In this essay, which draws on a set of interrelated issues in the phenomenology of perception, I call into question the assumption that Buddhist philosophers of the Dignāga-Dharmakīrti tradition pursue a kind of epistemic foundationalism. I argue that the embodied cognition paradigm, which informs recent efforts within the Western philosophical tradition to overcome the Cartesian legacy, can be also found– albeit in a modified form–in the Buddhist epistemological tradition. In seeking to ground epistemology in the phenomenology of cognition, the (...) Buddhist epistemologist, I claim, is operating on principles similar to those found in Husserl’s phenomenological tradition. (shrink)
Susan Haack has always maintained that her unquestionably important foundherentist theory of epistemic justification is not a foundationalism. In a 1997 Synthese exchange, Laurence BonJour questioned her right to this claim, and she dug in and defended it. What was at stake is of timeless importance to epistemology: it goes directly to the question, “What is foundationalism?” I inquire with greater care than either Haack or BonJour took in 1997, and I find decisively in favor of the view (...) that foundherentism is a foundationalism. In the process, I explore the outer limits of foundationalism: I examine just how far a foundationalism can go in allowing the relevance of coherence to epistemic justification. (shrink)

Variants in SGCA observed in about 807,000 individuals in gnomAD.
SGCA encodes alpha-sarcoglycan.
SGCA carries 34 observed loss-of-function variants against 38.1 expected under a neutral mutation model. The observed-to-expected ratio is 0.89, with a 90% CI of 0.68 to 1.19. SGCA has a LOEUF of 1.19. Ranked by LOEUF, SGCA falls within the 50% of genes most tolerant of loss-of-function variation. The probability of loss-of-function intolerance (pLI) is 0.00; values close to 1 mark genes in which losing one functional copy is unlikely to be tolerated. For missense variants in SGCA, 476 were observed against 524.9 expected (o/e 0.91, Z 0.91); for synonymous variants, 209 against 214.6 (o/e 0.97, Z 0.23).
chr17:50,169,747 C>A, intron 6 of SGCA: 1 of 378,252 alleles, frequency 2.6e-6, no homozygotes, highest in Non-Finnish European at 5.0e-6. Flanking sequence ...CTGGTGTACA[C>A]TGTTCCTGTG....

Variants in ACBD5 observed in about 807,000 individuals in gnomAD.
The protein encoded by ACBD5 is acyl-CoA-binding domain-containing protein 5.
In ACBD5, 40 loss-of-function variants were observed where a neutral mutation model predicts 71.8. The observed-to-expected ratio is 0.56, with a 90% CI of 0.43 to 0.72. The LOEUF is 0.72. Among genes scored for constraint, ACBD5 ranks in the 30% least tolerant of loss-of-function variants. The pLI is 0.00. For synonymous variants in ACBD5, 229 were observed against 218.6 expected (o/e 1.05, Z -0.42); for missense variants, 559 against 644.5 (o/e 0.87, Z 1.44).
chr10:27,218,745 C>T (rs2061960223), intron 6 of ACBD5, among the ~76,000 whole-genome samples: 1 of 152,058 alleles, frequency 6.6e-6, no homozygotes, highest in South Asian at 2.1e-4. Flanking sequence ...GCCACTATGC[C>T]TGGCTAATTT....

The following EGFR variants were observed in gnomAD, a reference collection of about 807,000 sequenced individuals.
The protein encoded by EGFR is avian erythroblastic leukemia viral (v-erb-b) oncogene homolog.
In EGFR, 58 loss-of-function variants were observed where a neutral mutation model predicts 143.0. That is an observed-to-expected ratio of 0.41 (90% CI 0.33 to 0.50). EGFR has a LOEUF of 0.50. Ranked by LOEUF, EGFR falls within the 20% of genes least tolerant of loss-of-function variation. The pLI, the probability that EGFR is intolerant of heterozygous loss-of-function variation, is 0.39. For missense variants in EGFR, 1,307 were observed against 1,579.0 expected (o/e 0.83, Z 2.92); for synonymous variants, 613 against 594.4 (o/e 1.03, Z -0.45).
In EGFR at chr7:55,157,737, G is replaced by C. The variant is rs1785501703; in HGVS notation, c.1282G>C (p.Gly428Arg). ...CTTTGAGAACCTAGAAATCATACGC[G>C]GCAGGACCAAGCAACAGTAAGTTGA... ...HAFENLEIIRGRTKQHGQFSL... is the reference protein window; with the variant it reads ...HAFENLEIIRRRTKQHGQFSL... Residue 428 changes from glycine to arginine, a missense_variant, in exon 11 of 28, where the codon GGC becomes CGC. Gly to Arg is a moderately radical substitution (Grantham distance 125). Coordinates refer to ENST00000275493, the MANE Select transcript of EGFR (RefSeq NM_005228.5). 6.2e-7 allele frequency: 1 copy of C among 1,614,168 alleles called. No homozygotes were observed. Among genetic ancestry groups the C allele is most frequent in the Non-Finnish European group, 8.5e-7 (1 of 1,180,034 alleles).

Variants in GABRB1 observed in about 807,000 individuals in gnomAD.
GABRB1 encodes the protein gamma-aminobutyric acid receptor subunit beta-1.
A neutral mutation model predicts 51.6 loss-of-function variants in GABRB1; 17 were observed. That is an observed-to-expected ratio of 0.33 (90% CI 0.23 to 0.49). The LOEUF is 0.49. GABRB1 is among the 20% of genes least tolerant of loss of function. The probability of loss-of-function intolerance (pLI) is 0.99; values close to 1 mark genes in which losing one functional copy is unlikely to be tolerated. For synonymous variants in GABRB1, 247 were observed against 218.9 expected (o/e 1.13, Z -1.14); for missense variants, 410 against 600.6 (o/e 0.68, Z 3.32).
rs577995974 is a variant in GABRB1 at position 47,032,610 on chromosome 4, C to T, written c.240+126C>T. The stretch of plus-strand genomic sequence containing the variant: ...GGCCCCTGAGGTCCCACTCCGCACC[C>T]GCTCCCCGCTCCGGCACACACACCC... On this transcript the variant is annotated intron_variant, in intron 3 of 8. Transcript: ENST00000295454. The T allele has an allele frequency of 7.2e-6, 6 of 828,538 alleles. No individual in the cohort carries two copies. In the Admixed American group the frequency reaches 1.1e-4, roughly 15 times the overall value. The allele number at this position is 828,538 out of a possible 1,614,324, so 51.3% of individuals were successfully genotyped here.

One thing all forms of foundationalism have in common is that they hold that a belief can be justified noninferentially--i.e., that its justification need not depend on its being inferred from some other justified (or unjustified) belief. In some recent publications, Peter Klein argues that in virtue of having this feature, all forms of foundationalism are infected with an unacceptable arbitrariness that makes it irrational to be a practicing foundationalist. In this paper, I will explain why his objections (...) to foundationalism fail. (shrink)